Democracy is about mutual respect between the led and those that lead on their behalf, thereof. But, democracy places a higher price on the dignity of the valets. More so because the valets should always remember that a people do not queue up in the scorching summer heat, just to throw pieces of paper in a box so that they reduce their worthiness as keepers of those among them that become valets. Look, we can’t all be valets, someone has to do the dirty work and for that we respect them. And they too should respect us for giving them the honour to do so.

However, the events of the last few weeks in my country have filled most with foreboding and uncertainties as to the worthiness of some of our valets. This is a period in which, instead of humbling themselves in recognition of the fact that the positions they hold are because a people decided so, they on the other hand diminished the worthiness of the very people that in multitudes queued up to cast the ballot for them.

There surely is nothing wrong in saying the chief valets de chambre is not feeling well, and hence has gone for a medical checkup. Doing so, is in fact a demonstration of evidence that a people are respected as that is what a democracy demands. In addition, there is nothing not African in saying the chief valets de chambre is not feeling well, as some would want us to believe.

And if the contrary is the case, which is the chief valets de chambre is actually well, then mutual respect demands that the chief valets de chambre should walk into the cool July sunshine and greet the people. The people will jubilate, not only because the chief valets de chambre is indeed well, but much so because the chief valets de chambre and his deputy valets do indeed respect them.

For deputy valets to instead, threaten a people for simply asking of the chief valets de chambre’s well-being, as has been the case lately, is simply callous and not deserving of a country that prides itself of being a democracy. It is disrespectful. Sic.

The chief valets de chambre, is like Salome and I. I owe Salome an unhesitating answer. An answer that will soothe her lamentations, as this is what Salome expects if she is to continue respecting me. In lying to Salome, I have injured her dignity.  I have to restore the mutual respect we have.

In Salome’s song lies the one lesson our valets always have to learn – “We simply ask for and deserve mutual respect”. And that is not asking too much. Or is it?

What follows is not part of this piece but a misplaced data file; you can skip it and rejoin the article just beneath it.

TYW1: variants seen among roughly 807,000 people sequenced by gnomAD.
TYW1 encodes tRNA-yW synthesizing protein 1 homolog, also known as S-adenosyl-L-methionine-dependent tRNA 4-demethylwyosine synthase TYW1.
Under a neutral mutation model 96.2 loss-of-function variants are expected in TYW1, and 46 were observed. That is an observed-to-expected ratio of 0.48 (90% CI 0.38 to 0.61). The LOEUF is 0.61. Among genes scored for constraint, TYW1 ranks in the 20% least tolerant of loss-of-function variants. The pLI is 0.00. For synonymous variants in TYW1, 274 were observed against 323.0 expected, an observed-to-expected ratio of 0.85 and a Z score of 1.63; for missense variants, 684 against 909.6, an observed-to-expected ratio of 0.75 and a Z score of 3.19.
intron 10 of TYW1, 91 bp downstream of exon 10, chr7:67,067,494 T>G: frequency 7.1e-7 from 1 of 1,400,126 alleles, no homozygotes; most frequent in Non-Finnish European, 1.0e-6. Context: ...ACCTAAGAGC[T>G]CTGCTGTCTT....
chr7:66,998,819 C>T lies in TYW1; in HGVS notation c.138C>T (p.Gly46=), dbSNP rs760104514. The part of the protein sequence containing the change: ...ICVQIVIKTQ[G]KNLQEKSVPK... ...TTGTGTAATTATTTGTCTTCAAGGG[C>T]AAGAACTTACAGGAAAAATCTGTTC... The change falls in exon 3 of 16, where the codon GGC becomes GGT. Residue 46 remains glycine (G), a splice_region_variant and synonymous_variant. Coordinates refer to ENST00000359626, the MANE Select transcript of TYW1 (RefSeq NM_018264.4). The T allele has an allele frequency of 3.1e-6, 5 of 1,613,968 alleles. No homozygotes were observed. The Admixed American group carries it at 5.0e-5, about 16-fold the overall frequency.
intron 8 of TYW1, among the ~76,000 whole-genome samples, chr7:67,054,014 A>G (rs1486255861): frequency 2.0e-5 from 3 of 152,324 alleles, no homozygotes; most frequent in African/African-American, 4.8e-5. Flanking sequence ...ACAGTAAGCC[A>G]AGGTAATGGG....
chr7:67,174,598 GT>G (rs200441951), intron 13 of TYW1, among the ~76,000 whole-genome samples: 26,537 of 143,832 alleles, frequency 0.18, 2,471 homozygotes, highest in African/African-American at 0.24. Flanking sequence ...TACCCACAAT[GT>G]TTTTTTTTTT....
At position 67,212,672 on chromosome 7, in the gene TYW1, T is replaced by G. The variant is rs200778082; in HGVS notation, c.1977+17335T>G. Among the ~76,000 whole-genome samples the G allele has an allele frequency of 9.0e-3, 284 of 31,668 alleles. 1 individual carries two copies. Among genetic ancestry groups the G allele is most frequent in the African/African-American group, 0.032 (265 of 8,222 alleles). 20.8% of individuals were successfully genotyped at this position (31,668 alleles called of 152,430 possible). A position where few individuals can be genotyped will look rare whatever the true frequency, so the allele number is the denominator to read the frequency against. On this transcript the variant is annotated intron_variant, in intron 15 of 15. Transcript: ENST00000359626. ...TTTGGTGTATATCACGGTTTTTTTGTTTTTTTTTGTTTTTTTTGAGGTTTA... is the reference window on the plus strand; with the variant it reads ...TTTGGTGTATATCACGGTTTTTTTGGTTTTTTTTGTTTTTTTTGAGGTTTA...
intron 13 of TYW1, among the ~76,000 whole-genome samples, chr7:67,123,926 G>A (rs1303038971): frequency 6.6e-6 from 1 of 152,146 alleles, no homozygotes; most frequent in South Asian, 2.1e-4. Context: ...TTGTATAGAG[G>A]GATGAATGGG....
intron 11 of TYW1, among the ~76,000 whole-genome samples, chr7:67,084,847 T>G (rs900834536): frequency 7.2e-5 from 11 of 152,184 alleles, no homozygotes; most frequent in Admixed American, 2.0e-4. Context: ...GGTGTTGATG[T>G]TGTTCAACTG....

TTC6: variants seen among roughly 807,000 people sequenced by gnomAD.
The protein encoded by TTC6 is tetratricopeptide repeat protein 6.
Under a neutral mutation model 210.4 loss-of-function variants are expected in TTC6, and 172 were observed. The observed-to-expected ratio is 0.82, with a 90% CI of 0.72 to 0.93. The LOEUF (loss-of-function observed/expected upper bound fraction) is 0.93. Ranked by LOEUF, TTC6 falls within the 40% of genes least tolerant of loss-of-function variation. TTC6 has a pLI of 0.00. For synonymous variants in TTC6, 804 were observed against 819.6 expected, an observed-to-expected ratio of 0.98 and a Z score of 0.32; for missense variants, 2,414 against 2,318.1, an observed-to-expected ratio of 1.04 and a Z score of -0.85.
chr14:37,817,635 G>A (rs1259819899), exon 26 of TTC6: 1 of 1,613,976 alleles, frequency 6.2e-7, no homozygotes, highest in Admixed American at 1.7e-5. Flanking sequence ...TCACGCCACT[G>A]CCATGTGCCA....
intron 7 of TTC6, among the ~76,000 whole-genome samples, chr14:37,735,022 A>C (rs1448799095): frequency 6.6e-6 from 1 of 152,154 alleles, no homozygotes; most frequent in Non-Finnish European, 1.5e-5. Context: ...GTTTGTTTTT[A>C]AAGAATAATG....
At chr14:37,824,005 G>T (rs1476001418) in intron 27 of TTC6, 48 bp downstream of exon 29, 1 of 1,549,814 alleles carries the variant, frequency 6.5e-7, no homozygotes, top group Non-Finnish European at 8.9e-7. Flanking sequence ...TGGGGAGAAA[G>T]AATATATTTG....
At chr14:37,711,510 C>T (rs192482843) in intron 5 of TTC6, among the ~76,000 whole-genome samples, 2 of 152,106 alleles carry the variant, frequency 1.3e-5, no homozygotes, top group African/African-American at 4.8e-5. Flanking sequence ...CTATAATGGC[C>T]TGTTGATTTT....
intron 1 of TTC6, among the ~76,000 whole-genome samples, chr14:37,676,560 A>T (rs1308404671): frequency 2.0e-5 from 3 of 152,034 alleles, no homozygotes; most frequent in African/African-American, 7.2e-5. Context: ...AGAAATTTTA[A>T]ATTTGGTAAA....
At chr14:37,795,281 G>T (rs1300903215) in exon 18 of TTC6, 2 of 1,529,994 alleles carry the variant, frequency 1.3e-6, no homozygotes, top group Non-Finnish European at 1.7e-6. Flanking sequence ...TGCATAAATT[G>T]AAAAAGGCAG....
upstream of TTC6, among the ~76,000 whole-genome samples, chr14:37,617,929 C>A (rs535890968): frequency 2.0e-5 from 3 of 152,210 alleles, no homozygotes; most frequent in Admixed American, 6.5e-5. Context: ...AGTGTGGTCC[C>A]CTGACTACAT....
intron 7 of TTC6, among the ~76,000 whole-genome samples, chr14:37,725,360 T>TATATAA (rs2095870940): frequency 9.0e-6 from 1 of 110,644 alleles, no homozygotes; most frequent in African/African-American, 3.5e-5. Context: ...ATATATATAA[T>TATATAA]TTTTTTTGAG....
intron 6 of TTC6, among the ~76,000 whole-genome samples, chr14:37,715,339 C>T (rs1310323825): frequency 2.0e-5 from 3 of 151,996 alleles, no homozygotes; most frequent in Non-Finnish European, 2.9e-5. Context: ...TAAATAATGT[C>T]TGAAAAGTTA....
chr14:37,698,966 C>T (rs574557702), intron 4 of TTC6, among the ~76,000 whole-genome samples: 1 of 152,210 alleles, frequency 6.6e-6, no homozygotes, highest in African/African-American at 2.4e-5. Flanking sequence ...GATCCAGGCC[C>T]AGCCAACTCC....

Ora pro nobis.

[1] Song

Saturday, June 21, 2014

The PF did not lie?

“Pointed in the wrong direction, trapped outside their own history and unable to retrace their steps because their footprints had been swept away."
- Arundhati Roy (The God of Small Things)

Every day, I walk into different human class spaces in this country. Upper, middle, lower classes and, the forgotten class that we only see when they stretch their hands seeking alms or when they pee on our comfortable lives. The beauty is that as an anachronistic, I don’t blend, but I learn. The lamentations are symmetrical. “Gosh! RB times were not bad at all; Times are so rough now; We were cheated; PF lied; Where is the more money in our pockets; How come we now seem to be a province in China”.

Yet when, I browse print and online media, glaring discrepancies hit me in the face. The public media and the past newspaper, seldom echo the lamentations that shriek in my ears lately. From these media perspective all is well. “The economy has improved (so they should be more money in our pocket); RB was a rogue, “alleged corrupt leader”; The Chinese are sacrosanct; The Public Order Act has been relegated to the ashes of our colonial history; The current Constitution is perfect; MMD was evil”.

This is, surely, a media that lives on Mars as it seems they do not know that media freedoms are now under threat. Radio stations, journalists are now and then asked to “pay an unsolicited visit” to some police station to answer some frivolous questions on news likely to alarm the nation or some alleged theft of a library book.

This is a media that is so closeted that it is not aware that some opposition party leaders were “frog marched” from the very town were a ruling party official had the “freedom of the town”; that some gun-totting police officers raided an in-door meeting by some opposition party leader; and indeed that some opposition party leader had to find a hole in the roof to escape from some panga-wielding party cadres of some known party. It is fortunate that the fellow is not dumbly fat, else he would not have fitted in that hole in the roof.

With the most classic being that this media did not see the military-type truck and hordes of police officers blocking a road so that some opposition party leader does not pay respect to the King in some province to the west of the country.